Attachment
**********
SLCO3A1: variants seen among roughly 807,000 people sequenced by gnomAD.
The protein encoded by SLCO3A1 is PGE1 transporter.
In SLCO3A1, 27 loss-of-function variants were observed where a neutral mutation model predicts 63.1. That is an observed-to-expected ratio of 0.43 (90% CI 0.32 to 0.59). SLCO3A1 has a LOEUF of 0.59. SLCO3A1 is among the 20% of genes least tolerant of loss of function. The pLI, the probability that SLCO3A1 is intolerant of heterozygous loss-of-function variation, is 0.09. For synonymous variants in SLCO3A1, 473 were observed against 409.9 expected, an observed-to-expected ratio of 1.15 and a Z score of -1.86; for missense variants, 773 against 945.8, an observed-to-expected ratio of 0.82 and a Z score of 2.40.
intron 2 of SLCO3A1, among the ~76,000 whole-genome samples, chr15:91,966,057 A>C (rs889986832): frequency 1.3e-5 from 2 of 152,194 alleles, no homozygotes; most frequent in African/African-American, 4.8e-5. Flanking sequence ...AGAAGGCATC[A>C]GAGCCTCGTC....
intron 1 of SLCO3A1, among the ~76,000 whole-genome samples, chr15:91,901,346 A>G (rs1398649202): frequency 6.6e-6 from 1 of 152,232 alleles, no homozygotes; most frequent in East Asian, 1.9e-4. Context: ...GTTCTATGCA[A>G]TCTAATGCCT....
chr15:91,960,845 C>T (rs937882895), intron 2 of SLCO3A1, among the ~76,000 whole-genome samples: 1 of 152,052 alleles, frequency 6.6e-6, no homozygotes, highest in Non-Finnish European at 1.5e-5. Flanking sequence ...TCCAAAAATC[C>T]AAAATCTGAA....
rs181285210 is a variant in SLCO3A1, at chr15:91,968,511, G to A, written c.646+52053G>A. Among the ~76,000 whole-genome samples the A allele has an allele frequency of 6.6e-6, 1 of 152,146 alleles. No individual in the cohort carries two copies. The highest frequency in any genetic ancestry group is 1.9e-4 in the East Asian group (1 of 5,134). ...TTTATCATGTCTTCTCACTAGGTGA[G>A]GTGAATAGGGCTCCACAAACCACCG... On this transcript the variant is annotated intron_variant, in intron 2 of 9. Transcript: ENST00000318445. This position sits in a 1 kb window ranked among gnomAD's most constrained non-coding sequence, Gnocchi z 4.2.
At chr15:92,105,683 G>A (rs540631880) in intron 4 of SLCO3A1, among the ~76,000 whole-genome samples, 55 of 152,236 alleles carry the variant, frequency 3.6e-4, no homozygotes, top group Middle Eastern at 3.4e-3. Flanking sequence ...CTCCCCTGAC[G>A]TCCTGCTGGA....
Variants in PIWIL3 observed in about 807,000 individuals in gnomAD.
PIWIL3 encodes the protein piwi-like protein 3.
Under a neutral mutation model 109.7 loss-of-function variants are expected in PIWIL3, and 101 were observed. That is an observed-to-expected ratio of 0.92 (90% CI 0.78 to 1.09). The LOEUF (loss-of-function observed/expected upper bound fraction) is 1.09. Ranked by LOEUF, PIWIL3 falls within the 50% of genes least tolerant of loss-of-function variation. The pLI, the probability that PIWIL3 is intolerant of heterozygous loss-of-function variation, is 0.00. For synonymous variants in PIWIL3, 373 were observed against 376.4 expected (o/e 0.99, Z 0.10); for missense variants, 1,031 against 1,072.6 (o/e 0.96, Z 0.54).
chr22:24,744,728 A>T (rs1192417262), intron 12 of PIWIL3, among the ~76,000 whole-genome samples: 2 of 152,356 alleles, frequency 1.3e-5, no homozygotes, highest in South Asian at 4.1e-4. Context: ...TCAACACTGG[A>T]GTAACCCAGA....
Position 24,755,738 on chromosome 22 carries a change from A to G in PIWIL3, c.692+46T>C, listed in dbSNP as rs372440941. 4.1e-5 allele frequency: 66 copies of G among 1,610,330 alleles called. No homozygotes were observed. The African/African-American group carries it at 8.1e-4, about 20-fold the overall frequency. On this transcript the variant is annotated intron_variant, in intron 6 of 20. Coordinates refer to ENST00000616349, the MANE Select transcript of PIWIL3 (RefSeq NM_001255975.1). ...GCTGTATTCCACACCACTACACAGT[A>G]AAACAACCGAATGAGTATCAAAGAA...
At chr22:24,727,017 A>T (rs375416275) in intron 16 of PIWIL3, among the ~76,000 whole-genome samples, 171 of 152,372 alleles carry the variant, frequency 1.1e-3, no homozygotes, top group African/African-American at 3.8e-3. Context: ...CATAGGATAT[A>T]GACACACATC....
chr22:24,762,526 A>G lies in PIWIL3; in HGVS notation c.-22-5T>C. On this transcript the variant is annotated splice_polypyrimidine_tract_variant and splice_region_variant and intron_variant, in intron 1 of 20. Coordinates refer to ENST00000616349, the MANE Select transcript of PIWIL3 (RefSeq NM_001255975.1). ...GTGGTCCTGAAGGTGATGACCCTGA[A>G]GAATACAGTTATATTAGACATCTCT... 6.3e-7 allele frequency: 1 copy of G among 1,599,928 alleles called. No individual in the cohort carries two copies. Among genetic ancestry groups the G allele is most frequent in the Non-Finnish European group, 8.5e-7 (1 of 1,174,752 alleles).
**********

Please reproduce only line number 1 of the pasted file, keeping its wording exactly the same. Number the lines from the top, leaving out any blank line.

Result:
SLCO3A1: variants seen among roughly 807,000 people sequenced by gnomAD.